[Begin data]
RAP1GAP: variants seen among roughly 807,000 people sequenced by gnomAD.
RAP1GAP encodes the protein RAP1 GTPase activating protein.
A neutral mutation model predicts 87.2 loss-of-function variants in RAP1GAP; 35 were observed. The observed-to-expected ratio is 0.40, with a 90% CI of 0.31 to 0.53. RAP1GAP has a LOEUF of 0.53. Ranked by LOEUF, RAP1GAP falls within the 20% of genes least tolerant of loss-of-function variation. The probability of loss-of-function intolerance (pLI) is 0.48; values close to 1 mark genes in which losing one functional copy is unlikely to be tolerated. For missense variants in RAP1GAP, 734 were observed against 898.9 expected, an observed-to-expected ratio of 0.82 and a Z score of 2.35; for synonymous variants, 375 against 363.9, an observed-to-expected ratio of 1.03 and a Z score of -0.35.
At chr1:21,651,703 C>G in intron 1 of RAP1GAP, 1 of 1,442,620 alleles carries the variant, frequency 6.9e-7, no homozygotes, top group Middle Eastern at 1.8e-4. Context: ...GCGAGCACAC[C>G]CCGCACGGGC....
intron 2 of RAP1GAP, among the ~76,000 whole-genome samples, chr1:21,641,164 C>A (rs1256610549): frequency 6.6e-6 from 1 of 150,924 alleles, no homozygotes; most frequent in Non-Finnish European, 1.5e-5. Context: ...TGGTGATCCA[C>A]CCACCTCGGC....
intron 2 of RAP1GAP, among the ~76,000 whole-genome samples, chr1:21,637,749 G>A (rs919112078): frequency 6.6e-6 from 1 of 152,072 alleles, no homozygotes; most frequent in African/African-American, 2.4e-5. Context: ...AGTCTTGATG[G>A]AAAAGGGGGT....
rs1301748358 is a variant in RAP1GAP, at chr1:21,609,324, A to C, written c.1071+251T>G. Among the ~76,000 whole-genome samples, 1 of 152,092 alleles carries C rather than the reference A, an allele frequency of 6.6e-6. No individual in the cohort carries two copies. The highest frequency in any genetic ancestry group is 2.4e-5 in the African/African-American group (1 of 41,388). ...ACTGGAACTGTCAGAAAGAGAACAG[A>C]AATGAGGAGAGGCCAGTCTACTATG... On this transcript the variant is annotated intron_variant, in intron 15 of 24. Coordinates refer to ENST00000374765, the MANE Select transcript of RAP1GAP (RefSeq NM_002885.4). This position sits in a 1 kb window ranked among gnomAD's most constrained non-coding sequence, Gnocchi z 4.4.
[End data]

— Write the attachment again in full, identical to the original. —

RAP1GAP: variants seen among roughly 807,000 people sequenced by gnomAD.
RAP1GAP encodes the protein RAP1 GTPase activating protein.
A neutral mutation model predicts 87.2 loss-of-function variants in RAP1GAP; 35 were observed. The observed-to-expected ratio is 0.40, with a 90% CI of 0.31 to 0.53. RAP1GAP has a LOEUF of 0.53. Ranked by LOEUF, RAP1GAP falls within the 20% of genes least tolerant of loss-of-function variation. The probability of loss-of-function intolerance (pLI) is 0.48; values close to 1 mark genes in which losing one functional copy is unlikely to be tolerated. For missense variants in RAP1GAP, 734 were observed against 898.9 expected, an observed-to-expected ratio of 0.82 and a Z score of 2.35; for synonymous variants, 375 against 363.9, an observed-to-expected ratio of 1.03 and a Z score of -0.35.
At chr1:21,651,703 C>G in intron 1 of RAP1GAP, 1 of 1,442,620 alleles carries the variant, frequency 6.9e-7, no homozygotes, top group Middle Eastern at 1.8e-4. Context: ...GCGAGCACAC[C>G]CCGCACGGGC....
intron 2 of RAP1GAP, among the ~76,000 whole-genome samples, chr1:21,641,164 C>A (rs1256610549): frequency 6.6e-6 from 1 of 150,924 alleles, no homozygotes; most frequent in Non-Finnish European, 1.5e-5. Context: ...TGGTGATCCA[C>A]CCACCTCGGC....
intron 2 of RAP1GAP, among the ~76,000 whole-genome samples, chr1:21,637,749 G>A (rs919112078): frequency 6.6e-6 from 1 of 152,072 alleles, no homozygotes; most frequent in African/African-American, 2.4e-5. Context: ...AGTCTTGATG[G>A]AAAAGGGGGT....
rs1301748358 is a variant in RAP1GAP, at chr1:21,609,324, A to C, written c.1071+251T>G. Among the ~76,000 whole-genome samples, 1 of 152,092 alleles carries C rather than the reference A, an allele frequency of 6.6e-6. No individual in the cohort carries two copies. The highest frequency in any genetic ancestry group is 2.4e-5 in the African/African-American group (1 of 41,388). ...ACTGGAACTGTCAGAAAGAGAACAG[A>C]AATGAGGAGAGGCCAGTCTACTATG... On this transcript the variant is annotated intron_variant, in intron 15 of 24. Coordinates refer to ENST00000374765, the MANE Select transcript of RAP1GAP (RefSeq NM_002885.4). This position sits in a 1 kb window ranked among gnomAD's most constrained non-coding sequence, Gnocchi z 4.4.